Corel Draw VS Photoshop

Hello everyone, i wanna know wich program you preffer because im starting to take computer classes next week and i want to learn from one of this two programs.

I can only afford one course, the cost is 25 bucks a week so wich one you preffer?, what are the differences between this two?

So long and good luck!!

Both are different all together.

CorelDraw outputs Vector images & Photoshop outputs Bitmap output.
Corel is used mainly to create images for print, with high resolution. Photoshop can be used to create images for web, presentations, retouching scanned images, etc.

What you should ask yourself is, what you want to do after learning CorelDraw or Photoshop?
If you want to become a web-designer & come aboard the world of internet, then I suggest Photoshop.
If you want to be a graphic designer, with not much attention on the internet, then you should go with CorelDraw.

But a general advice is that, you should pick both, if you can.

Learning both of course is ideal but CorelDraw is easier to learn on your own while Photoshop is far more complex (vector graphics I think are easier to learn).

Gool luck!

Like I say, its a matter of perspective. Its up to oneself really, what’s easy & what’s not. While a thing that appears easy to someone, may not be easy for others.

For me, I learned Photoshop quick enough, but I still struggle with CorelDraw.

And like I said, its a matter as to where you want to go. If your more pressing concerns is to learn for the web, Photoshop is a good choice otherwise go with CorelDraw.

I’ve been using CoredDraw since version 3 - so I don’t have any trouble with it! But as previously mentioned - it depends on what you’re trying to do. CorelDraw ain’t the best with web graphics, and Photoshop ain’t the best for print output. Pick the one that best represents the path you wish to follow.

Also they are different in price!

Having never\0\0\0\0\0\0\0\0 used Photoshop, I can’t give an opinion on with is better.
However, as for the differences in price that jamessxv7 mentioned Photoshop CS costs $649.00 on the Adobe site and Corel Draw Essentials 2 is $79.99 on the Corel site. Corel Graphics Suite 12 is $399 and that has Corel Draw 12 (vector), Corel Photo-Paint 12 (jpg, gif, and the like), Corel RAVE 3 (flash animation, animated gifs and quick-time), plus some other stuff. Granted, I use version 11, so I don’t know what kind of improvements have been made. Corel Graphics Suite 12 isn’t available on Mac, but version 11 is.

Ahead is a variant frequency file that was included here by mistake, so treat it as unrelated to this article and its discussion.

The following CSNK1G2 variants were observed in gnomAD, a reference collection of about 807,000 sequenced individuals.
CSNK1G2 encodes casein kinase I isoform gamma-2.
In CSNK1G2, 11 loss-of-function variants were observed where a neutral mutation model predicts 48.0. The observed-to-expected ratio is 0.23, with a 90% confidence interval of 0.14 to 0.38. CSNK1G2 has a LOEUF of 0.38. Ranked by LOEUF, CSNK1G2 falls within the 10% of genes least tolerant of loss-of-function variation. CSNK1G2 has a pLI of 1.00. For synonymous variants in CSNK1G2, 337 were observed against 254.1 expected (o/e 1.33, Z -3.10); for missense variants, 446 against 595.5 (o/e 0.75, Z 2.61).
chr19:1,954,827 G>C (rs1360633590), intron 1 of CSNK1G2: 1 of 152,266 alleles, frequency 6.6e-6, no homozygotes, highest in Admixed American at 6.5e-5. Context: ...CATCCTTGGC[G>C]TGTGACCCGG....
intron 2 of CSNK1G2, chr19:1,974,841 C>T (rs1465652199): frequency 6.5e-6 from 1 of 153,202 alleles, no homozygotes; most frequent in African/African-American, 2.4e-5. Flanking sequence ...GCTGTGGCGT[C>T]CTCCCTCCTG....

Also take into consideration that I don’t know what comes with Photoshop CS.

As for how Corel works, I’ve had some trouble with it, but I haven’t installed the patch yet.

CorelDraw is the equivalent of Illustrator, not Photoshop.

Corel Photo-Paint is the equivalent of Photoshop.

Illustrator and CorelDraw are both excellent applications, and which one you should choose depends on which one you’re familiar with (if you’re not familiar with either, use CorelDraw ;))

For raster image editing, I would choose Photoshop over Corel Photo-paint any day. Photo-paint is only a small application and not a standalone product.

Also you can use Paint Shop Pro for raster images, it’s almost as good as Photoshop and less expensive :wink:

The operative word being almost as good.:wink: PaintShopPro is a lot behind Photoshop. I think I came across some thread some time back where PaintShopPro was labelled as “Poor Man’s Photoshop”.

Though like I said earlier, I still say, it all depends on where you want to go. If you want to design for web, then you are gonna deal with GIF/JPG format & hence you ought to go with Photoshop. If you want to go with the Print Industry, then go ahead with CorelDraw.
Its not really about comparison, really. The 2 products being discussed here are completely different & have different uses.:smiley: